For both Windows and OS X, the menu selection opens the current working directory in a file browser. From there, you can navigate to a new working directory if desired.

Your working directory is important because it is the default location for all file input and outputincluding reading and writing data files, opening and saving script files, and saving your workspace image. When you open a file and do not specify an absolute path, R will assume that the file is in your working directory.

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Medium 9781855758568

Chapter Seven: Destructiveness and Complex Forms of the “Survival” of the Object

Rene Roussillon Karnac Books ePub

In this chapter, I intend to develop some thoughts on what Winnicott's idea of the “survival of the object” has contributed to the analysis of destructiveness and its specific clinical manifestations. My hypothesis is that the question of the survival of the object implies a paradigmatic variation thanks to which some aspects of the destructiveness typical of issues involving narcissism and the sense of identity can be interpreted psychodynamically; indeed, the whole question of destructiveness, above and beyond the aspect that I shall focus on here, probably becomes more understandable thanks to Winnicott's contribution. I would argue that the idea of the survival of the object is a crucial one if we are to preserve, when the floodgates of its manifestations are open, a truly psychoanalytic stance as regards destructiveness.

In psychoanalytic circles, the survival of the object is undoubtedly one of the most widely known of Winnicott's ideas—another, for example, would be that of transitionality. This does not mean that the idea in itself, or the consequences that follow on from it, are easy to understand. As for myself, as early as 1978, I was convinced of the fact that Winnicott's hypothesis concerning the use of the object amounted to a kind of revolution in our conception of the genesis of the idea of the object's reality—not with regard to the perception of the object, but its conception and discovery in terms of its being an “other-subject”. Winnicott went on to add another significant paradigmatic modification with the idea that what becomes of a mental process depends at least partly on the interpretation that the other-subject to whom it is addressed brings to bear on that process, that is, on the object's response.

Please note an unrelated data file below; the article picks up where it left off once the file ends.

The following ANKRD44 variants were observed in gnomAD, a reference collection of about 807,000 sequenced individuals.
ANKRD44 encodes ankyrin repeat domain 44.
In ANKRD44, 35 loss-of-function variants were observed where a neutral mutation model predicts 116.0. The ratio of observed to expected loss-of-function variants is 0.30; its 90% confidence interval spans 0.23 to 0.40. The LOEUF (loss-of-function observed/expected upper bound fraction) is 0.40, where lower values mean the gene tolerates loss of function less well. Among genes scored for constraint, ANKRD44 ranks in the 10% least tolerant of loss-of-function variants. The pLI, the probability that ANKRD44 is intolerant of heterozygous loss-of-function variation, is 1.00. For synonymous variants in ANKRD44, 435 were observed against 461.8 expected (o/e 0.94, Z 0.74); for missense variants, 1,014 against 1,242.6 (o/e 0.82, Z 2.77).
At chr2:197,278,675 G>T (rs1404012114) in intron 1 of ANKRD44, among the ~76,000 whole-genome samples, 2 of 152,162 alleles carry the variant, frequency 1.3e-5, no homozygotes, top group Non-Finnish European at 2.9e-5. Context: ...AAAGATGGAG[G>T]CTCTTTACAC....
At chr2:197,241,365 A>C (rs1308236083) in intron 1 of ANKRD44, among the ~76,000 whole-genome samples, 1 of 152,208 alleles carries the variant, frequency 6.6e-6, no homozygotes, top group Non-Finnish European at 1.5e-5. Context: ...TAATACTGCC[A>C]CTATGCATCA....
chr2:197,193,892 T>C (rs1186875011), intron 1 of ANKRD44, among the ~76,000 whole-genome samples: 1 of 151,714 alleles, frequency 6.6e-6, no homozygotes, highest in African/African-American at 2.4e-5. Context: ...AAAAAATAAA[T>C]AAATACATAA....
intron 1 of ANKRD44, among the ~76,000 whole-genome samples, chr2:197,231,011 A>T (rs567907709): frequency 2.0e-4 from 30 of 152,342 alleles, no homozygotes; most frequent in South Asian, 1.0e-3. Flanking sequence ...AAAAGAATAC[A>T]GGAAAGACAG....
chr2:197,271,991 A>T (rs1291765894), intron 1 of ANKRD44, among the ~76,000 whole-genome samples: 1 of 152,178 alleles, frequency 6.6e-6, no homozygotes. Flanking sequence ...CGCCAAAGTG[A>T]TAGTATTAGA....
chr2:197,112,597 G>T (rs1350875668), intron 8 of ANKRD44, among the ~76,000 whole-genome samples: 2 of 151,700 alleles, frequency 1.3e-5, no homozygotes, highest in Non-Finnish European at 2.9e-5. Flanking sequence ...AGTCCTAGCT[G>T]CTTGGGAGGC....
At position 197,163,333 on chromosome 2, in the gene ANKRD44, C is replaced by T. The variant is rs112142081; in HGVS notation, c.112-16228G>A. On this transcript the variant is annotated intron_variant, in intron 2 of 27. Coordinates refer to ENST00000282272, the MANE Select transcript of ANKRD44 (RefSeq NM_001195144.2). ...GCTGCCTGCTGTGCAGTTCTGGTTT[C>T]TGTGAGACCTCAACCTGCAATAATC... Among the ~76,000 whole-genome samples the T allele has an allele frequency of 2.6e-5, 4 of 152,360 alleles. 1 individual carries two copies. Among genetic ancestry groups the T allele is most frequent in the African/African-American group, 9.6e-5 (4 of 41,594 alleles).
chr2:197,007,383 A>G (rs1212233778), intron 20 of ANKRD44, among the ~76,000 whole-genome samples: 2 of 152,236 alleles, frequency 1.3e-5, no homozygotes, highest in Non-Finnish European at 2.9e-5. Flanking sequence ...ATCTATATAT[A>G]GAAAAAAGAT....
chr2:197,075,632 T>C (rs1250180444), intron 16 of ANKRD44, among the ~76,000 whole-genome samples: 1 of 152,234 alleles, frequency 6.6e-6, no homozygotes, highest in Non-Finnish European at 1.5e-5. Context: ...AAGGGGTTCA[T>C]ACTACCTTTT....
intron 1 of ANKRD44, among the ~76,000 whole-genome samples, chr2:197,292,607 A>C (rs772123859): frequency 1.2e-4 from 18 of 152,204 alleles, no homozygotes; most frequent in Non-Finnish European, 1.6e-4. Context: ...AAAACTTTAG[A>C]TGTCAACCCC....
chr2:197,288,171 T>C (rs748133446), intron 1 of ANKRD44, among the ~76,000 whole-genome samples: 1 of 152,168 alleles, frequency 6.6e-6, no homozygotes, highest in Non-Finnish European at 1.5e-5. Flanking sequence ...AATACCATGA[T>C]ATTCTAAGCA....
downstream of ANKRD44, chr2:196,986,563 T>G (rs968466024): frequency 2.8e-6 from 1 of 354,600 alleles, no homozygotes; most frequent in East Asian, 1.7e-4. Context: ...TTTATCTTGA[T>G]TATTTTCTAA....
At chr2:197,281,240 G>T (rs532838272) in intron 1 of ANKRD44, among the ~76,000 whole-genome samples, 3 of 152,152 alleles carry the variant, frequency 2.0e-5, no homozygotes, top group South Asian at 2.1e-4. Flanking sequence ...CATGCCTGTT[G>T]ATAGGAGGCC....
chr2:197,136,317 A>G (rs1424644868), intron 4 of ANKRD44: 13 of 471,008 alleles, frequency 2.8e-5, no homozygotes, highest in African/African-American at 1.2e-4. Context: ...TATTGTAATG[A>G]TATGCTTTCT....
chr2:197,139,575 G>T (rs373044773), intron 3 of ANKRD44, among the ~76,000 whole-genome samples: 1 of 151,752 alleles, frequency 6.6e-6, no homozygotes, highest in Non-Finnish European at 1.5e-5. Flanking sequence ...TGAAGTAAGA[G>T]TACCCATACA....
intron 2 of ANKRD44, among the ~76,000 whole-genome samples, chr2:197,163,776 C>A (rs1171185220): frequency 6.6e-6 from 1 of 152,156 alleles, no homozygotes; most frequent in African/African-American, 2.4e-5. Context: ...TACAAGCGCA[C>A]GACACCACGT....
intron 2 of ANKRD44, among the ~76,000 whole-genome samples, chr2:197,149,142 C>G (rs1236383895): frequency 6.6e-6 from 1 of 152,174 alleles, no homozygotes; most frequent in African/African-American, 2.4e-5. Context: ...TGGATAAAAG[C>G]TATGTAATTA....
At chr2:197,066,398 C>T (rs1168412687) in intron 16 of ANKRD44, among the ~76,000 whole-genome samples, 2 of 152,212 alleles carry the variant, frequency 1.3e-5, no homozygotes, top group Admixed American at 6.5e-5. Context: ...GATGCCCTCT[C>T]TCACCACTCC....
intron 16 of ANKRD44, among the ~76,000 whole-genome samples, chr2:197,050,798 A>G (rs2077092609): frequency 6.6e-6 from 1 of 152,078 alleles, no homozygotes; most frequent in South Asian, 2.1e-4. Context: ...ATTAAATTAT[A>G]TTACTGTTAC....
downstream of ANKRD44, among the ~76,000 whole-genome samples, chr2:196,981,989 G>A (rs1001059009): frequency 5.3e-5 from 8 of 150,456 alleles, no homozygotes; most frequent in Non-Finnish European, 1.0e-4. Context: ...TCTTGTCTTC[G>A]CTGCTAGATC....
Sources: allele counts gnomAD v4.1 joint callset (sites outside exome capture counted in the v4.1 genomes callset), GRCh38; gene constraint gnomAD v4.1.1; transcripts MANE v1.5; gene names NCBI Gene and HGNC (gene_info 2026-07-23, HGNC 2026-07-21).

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Medium 9781574412840

26. Macumba! (1971)

Michael Sparke University of North Texas Press PDF

26.

Macumba!

(1971)

“Without Stan the band couldn’t exist very long. Well, it’s his music. You can play Stan Kenton music, but you can’t really get that sound unless you’ve got him there. I mean, the arrangement will do it, but a great leader gives it that added dimension,” said John Von Ohlen.1

The leader makes a band.

It is his name, his reputation that draws the people.

It is his presence that is a guarantee of quality.

It is his skill and personality that sells his music to the audience.

He is the focal point for public respect and admiration.

He is the star!

No one knew this better than Stan Kenton, who over the years had attracted more dedicated fans than any other leader in the business, and no one knew better than Stan the likely consequences if ill-health forced him off the road for any length of time. In 1947 the band had collapsed the same day he did, with consequential lost bookings and cancellation fees, and in 1971 with a burgeoning record company to take care of, the results would be even more catastrophic.